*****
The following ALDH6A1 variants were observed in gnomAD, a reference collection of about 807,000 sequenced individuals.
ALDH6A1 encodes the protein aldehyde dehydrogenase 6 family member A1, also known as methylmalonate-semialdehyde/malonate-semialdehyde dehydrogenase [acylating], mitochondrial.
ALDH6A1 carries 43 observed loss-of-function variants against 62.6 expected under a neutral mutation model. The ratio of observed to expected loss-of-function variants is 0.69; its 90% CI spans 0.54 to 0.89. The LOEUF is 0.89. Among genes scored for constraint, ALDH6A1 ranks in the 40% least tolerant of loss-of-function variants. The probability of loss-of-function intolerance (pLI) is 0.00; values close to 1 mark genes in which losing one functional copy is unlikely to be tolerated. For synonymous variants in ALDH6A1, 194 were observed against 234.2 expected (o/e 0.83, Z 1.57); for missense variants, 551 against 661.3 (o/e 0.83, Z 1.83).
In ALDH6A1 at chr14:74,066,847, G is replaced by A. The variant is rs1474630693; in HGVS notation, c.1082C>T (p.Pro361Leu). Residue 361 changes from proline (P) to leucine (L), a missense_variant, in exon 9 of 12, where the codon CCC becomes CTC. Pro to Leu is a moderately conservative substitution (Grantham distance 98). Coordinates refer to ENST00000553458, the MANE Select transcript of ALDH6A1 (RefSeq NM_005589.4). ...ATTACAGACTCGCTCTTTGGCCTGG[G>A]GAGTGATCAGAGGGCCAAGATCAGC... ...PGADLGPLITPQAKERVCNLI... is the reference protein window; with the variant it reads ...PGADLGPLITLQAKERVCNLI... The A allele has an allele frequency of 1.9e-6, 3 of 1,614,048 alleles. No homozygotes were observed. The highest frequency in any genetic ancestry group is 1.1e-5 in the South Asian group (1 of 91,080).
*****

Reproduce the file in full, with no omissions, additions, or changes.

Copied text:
The following ALDH6A1 variants were observed in gnomAD, a reference collection of about 807,000 sequenced individuals.
ALDH6A1 encodes the protein aldehyde dehydrogenase 6 family member A1, also known as methylmalonate-semialdehyde/malonate-semialdehyde dehydrogenase [acylating], mitochondrial.
ALDH6A1 carries 43 observed loss-of-function variants against 62.6 expected under a neutral mutation model. The ratio of observed to expected loss-of-function variants is 0.69; its 90% CI spans 0.54 to 0.89. The LOEUF is 0.89. Among genes scored for constraint, ALDH6A1 ranks in the 40% least tolerant of loss-of-function variants. The probability of loss-of-function intolerance (pLI) is 0.00; values close to 1 mark genes in which losing one functional copy is unlikely to be tolerated. For synonymous variants in ALDH6A1, 194 were observed against 234.2 expected (o/e 0.83, Z 1.57); for missense variants, 551 against 661.3 (o/e 0.83, Z 1.83).
In ALDH6A1 at chr14:74,066,847, G is replaced by A. The variant is rs1474630693; in HGVS notation, c.1082C>T (p.Pro361Leu). Residue 361 changes from proline (P) to leucine (L), a missense_variant, in exon 9 of 12, where the codon CCC becomes CTC. Pro to Leu is a moderately conservative substitution (Grantham distance 98). Coordinates refer to ENST00000553458, the MANE Select transcript of ALDH6A1 (RefSeq NM_005589.4). ...ATTACAGACTCGCTCTTTGGCCTGG[G>A]GAGTGATCAGAGGGCCAAGATCAGC... ...PGADLGPLITPQAKERVCNLI... is the reference protein window; with the variant it reads ...PGADLGPLITLQAKERVCNLI... The A allele has an allele frequency of 1.9e-6, 3 of 1,614,048 alleles. No homozygotes were observed. The highest frequency in any genetic ancestry group is 1.1e-5 in the South Asian group (1 of 91,080).